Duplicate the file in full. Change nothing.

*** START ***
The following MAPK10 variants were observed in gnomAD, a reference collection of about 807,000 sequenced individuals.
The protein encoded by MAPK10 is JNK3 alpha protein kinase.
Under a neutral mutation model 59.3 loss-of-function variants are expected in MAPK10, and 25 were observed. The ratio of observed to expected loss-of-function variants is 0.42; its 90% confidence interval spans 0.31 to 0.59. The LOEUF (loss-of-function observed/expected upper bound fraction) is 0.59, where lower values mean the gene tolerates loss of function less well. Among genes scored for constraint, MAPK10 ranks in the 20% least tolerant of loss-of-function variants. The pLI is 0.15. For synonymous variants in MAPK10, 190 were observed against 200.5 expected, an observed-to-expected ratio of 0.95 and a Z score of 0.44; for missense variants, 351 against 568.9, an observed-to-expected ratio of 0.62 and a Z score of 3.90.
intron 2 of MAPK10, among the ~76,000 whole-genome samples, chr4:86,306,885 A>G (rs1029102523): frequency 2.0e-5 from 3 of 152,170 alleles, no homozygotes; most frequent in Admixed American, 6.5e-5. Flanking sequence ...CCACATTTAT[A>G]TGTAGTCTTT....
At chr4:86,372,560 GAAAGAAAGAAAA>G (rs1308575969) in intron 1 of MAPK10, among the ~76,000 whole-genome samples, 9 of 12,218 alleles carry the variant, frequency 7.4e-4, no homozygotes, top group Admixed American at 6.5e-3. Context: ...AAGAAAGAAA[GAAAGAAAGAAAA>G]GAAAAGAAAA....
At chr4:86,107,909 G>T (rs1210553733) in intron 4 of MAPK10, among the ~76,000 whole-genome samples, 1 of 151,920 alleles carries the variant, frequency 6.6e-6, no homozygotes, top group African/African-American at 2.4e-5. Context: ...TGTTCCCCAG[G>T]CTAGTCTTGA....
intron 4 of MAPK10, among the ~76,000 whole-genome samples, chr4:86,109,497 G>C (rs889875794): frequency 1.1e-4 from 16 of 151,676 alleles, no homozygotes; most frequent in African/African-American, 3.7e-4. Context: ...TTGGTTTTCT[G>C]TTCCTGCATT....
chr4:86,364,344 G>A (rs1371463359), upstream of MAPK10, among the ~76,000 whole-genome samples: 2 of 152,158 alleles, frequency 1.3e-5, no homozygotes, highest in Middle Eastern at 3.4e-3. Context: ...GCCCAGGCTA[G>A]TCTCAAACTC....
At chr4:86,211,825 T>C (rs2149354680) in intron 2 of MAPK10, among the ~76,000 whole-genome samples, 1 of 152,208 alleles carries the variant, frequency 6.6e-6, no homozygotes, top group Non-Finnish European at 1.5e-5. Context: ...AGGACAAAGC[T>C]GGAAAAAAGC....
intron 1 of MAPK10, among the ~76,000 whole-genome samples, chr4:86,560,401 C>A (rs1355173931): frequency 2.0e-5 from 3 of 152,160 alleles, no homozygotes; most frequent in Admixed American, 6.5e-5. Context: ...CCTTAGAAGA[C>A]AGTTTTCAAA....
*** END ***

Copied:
The following MAPK10 variants were observed in gnomAD, a reference collection of about 807,000 sequenced individuals.
The protein encoded by MAPK10 is JNK3 alpha protein kinase.
Under a neutral mutation model 59.3 loss-of-function variants are expected in MAPK10, and 25 were observed. The ratio of observed to expected loss-of-function variants is 0.42; its 90% confidence interval spans 0.31 to 0.59. The LOEUF (loss-of-function observed/expected upper bound fraction) is 0.59, where lower values mean the gene tolerates loss of function less well. Among genes scored for constraint, MAPK10 ranks in the 20% least tolerant of loss-of-function variants. The pLI is 0.15. For synonymous variants in MAPK10, 190 were observed against 200.5 expected, an observed-to-expected ratio of 0.95 and a Z score of 0.44; for missense variants, 351 against 568.9, an observed-to-expected ratio of 0.62 and a Z score of 3.90.
intron 2 of MAPK10, among the ~76,000 whole-genome samples, chr4:86,306,885 A>G (rs1029102523): frequency 2.0e-5 from 3 of 152,170 alleles, no homozygotes; most frequent in Admixed American, 6.5e-5. Flanking sequence ...CCACATTTAT[A>G]TGTAGTCTTT....
At chr4:86,372,560 GAAAGAAAGAAAA>G (rs1308575969) in intron 1 of MAPK10, among the ~76,000 whole-genome samples, 9 of 12,218 alleles carry the variant, frequency 7.4e-4, no homozygotes, top group Admixed American at 6.5e-3. Context: ...AAGAAAGAAA[GAAAGAAAGAAAA>G]GAAAAGAAAA....
At chr4:86,107,909 G>T (rs1210553733) in intron 4 of MAPK10, among the ~76,000 whole-genome samples, 1 of 151,920 alleles carries the variant, frequency 6.6e-6, no homozygotes, top group African/African-American at 2.4e-5. Context: ...TGTTCCCCAG[G>T]CTAGTCTTGA....
intron 4 of MAPK10, among the ~76,000 whole-genome samples, chr4:86,109,497 G>C (rs889875794): frequency 1.1e-4 from 16 of 151,676 alleles, no homozygotes; most frequent in African/African-American, 3.7e-4. Context: ...TTGGTTTTCT[G>C]TTCCTGCATT....
chr4:86,364,344 G>A (rs1371463359), upstream of MAPK10, among the ~76,000 whole-genome samples: 2 of 152,158 alleles, frequency 1.3e-5, no homozygotes, highest in Middle Eastern at 3.4e-3. Context: ...GCCCAGGCTA[G>A]TCTCAAACTC....
At chr4:86,211,825 T>C (rs2149354680) in intron 2 of MAPK10, among the ~76,000 whole-genome samples, 1 of 152,208 alleles carries the variant, frequency 6.6e-6, no homozygotes, top group Non-Finnish European at 1.5e-5. Context: ...AGGACAAAGC[T>C]GGAAAAAAGC....
intron 1 of MAPK10, among the ~76,000 whole-genome samples, chr4:86,560,401 C>A (rs1355173931): frequency 2.0e-5 from 3 of 152,160 alleles, no homozygotes; most frequent in Admixed American, 6.5e-5. Context: ...CCTTAGAAGA[C>A]AGTTTTCAAA....